What's the difference between a psychologist and a psychiatrist?
That may sound like a setup for a knee-slapper, but it's actually a good question, and many people don't know the full answer.
It's not as simple as who tends to what, like the difference between a goatherd and shepherd. Both kinds of professionals treat people with problems that vary widely by degree and type, from mild anxiety to schizophrenia. Both can practice psychotherapy, and both can do research.
The short answer is, psychiatrists are medical doctors and psychologists are not. The suffix "-iatry" means "medical treatment," and "-logy" means "science" or "theory." So psychiatry is the medical treatment of the psyche, and psychology is the s
cience of the psyche.
Psychiatrists begin their careers in medical school. After earning their MD, they go on to four years of residency training in mental health, typically at a hospital's psychiatric department.
According to Marcia Goin, MD, past-president of the American Psychiatric Association and a clinical professor of psychiatry at the University of Southern California, psychiatric residencies include a range of subspecialized training, such as working with children and adolescents.
After completing their residency, these physicians can be licensed to practice psychiatry.
Psychologists go through five to seven years of academic graduate study, culminating in a doctorate degree. They may hold a PhD or a PsyD. Those who are mainly interested in clinical psychology -- treating patients as opposed to focusing on research -- may pursue a PsyD.
Licensing requirements for psychologists vary from state to state, but at least a one- or two-year internship is required to apply for a license to practice psychology.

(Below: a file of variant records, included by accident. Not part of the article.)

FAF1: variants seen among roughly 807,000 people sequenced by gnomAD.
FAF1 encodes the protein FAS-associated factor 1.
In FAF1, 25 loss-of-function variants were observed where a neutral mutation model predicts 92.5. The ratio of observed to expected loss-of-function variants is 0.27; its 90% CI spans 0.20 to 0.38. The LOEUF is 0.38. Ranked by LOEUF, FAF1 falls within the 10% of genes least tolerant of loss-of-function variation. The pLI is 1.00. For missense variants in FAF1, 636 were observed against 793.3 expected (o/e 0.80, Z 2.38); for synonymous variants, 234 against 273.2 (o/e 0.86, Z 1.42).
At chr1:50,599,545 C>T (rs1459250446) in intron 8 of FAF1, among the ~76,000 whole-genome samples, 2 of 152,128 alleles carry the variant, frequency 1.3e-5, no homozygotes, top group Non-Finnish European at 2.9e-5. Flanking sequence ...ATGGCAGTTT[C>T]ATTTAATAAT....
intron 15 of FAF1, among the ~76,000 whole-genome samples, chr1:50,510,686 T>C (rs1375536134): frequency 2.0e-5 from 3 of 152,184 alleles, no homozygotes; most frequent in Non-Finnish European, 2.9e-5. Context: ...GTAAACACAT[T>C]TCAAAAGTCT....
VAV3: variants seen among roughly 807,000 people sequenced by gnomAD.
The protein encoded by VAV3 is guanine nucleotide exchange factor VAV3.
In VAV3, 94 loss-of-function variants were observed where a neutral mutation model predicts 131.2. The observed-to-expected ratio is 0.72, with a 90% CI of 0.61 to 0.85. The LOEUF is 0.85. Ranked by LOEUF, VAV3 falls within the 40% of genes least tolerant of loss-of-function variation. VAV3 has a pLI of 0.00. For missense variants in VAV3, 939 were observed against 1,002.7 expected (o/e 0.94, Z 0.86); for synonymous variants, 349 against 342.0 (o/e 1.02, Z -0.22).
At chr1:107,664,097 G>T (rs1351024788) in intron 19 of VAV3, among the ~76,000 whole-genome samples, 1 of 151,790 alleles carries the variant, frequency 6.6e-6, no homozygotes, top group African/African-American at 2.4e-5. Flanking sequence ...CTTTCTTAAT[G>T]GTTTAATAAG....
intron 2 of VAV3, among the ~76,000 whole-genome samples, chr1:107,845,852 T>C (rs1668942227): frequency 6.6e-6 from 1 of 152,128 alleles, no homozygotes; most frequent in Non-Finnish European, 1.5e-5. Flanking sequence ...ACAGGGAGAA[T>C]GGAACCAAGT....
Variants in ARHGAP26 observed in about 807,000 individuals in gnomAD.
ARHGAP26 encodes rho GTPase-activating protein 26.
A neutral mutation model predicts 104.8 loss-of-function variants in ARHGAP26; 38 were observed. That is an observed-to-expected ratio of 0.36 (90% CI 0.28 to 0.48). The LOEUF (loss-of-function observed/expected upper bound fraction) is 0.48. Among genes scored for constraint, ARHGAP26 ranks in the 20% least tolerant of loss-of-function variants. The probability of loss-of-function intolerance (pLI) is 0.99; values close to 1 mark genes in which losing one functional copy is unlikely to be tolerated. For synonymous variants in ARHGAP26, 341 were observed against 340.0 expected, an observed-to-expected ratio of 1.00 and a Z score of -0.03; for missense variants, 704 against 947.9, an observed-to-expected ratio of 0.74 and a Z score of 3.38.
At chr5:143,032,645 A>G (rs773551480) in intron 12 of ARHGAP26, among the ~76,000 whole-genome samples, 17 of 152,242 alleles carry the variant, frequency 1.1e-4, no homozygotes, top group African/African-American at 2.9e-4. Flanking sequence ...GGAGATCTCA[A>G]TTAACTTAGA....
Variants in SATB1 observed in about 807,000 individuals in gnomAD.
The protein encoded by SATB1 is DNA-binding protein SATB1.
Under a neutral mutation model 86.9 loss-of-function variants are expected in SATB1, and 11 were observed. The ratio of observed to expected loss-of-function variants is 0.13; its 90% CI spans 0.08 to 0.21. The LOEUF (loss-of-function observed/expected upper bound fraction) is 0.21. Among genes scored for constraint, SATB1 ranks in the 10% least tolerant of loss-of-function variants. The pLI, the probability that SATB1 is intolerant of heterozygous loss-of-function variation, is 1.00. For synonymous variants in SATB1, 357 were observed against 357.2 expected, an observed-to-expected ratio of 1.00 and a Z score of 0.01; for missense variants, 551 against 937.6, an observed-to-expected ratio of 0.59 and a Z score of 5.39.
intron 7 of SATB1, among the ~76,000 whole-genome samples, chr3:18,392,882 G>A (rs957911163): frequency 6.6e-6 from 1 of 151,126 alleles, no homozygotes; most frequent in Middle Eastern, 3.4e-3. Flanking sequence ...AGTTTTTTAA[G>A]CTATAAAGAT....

As medical doctors, psychiatrists can do what most psychologists in the United States cannot: They can prescribe drugs.
Recently the state of Louisiana allowed psychologists to write prescriptions after consulting with a psychiatrist, joining the state of New Mexico, which allowed psychologists to begin prescribing in 2002.
A common misconception about psychiatrists is that they only treat people with severe mental illness, like schizophrenia or bipolar disorder, diseases for which medication is the mainstay of treatment, leaving psychotherapy to psychologists and patients with less severe problems.
Psychiatrists who work at clinics and hospitals certainly see many hard cases. "The major patients they see are severely mentally ill, but there are others who are not," Goin tells Psych Pedia. She says she practices a lot of psychotherapy in her private office and that most of her patients there are not on medication.
Increasingly, however, psychiatrists in private practice spend their time with medication management and not psychotherapy. Other mental health providers usually do therapy sessions, and when they see a patient who could benefit from medication, they send the patient to a psychiatrist for an evaluation and possibly a prescription.
"It usually is not the psychiatrists' choice to only prescribe medicine," Goin says. But if a psychiatrist participates in a health insurance plan, the plan's fee structure may discourage time spent on psychotherapy.
A study published in the journal Psychiatric Services in 2003 shows that psychiatrists earn less for doing therapy. On average, a psychiatrist who charges for 45-50 minutes of psychotherapy earns $74-$107 less than he or she would for three 15-minute sessions of medication management.